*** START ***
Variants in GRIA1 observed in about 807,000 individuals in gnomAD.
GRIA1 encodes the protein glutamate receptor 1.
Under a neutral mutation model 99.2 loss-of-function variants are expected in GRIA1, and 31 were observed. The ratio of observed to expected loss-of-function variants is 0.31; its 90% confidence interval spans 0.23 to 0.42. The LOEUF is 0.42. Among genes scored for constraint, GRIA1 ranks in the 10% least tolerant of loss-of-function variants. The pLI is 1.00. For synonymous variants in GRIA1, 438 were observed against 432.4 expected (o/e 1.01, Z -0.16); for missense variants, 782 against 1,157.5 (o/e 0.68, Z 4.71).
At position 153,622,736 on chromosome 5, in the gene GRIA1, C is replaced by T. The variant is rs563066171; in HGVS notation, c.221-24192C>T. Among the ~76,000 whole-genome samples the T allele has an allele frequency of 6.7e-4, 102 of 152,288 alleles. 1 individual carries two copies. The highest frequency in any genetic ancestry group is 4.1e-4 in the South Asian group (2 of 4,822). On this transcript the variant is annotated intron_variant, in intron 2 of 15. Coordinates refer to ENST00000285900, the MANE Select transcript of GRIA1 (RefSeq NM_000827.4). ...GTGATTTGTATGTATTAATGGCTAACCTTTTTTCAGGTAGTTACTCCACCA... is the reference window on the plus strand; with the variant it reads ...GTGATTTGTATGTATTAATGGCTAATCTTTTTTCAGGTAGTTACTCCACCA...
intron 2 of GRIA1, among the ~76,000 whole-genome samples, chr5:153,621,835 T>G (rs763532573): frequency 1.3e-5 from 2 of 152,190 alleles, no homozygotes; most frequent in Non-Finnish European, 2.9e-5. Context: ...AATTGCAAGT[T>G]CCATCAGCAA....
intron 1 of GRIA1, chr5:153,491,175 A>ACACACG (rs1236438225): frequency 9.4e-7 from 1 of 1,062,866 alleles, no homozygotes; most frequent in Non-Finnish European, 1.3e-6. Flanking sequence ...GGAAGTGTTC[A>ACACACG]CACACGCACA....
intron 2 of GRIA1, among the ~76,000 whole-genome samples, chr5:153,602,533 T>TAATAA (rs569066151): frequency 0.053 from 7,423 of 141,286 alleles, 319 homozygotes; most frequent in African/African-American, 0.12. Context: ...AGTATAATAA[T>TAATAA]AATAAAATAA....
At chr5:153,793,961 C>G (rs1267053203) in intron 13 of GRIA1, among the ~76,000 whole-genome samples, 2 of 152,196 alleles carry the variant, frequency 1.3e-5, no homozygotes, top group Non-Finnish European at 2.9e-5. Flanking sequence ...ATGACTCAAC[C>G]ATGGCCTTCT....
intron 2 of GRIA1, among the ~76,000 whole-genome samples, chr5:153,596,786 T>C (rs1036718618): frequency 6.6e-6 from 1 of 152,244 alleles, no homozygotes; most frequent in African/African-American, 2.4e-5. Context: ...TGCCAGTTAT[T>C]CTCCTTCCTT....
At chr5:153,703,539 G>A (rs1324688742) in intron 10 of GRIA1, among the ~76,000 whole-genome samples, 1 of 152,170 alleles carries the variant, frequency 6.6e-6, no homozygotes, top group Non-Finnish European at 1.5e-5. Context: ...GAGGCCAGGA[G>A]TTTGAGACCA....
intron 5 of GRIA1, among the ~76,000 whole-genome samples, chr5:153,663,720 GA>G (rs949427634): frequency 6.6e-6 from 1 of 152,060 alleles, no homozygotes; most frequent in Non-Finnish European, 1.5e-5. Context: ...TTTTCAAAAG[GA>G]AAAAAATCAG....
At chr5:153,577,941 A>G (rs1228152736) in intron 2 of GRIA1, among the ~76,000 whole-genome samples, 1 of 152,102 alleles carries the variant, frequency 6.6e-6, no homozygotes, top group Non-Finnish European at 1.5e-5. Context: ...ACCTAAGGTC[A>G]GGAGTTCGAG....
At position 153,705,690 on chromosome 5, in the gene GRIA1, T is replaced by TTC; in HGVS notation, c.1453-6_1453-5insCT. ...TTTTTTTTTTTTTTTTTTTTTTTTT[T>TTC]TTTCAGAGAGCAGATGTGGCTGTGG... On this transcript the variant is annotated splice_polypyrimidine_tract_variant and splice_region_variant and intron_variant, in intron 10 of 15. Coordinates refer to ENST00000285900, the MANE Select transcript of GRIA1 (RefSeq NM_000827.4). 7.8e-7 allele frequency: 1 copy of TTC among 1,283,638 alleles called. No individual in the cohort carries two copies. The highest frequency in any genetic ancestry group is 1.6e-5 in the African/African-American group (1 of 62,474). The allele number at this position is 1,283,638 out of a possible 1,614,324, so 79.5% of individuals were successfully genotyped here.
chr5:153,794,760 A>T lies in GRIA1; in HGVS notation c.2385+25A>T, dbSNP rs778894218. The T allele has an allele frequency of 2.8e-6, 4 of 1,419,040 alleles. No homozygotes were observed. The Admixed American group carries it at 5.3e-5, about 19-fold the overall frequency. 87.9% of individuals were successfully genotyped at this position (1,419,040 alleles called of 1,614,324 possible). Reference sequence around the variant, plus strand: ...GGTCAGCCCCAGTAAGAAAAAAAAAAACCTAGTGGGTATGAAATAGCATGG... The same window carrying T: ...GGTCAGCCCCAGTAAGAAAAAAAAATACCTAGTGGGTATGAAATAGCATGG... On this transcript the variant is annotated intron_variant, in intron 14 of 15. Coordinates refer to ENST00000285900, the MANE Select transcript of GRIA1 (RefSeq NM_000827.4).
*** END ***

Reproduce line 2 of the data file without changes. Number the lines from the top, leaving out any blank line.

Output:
GRIA1 encodes the protein glutamate receptor 1.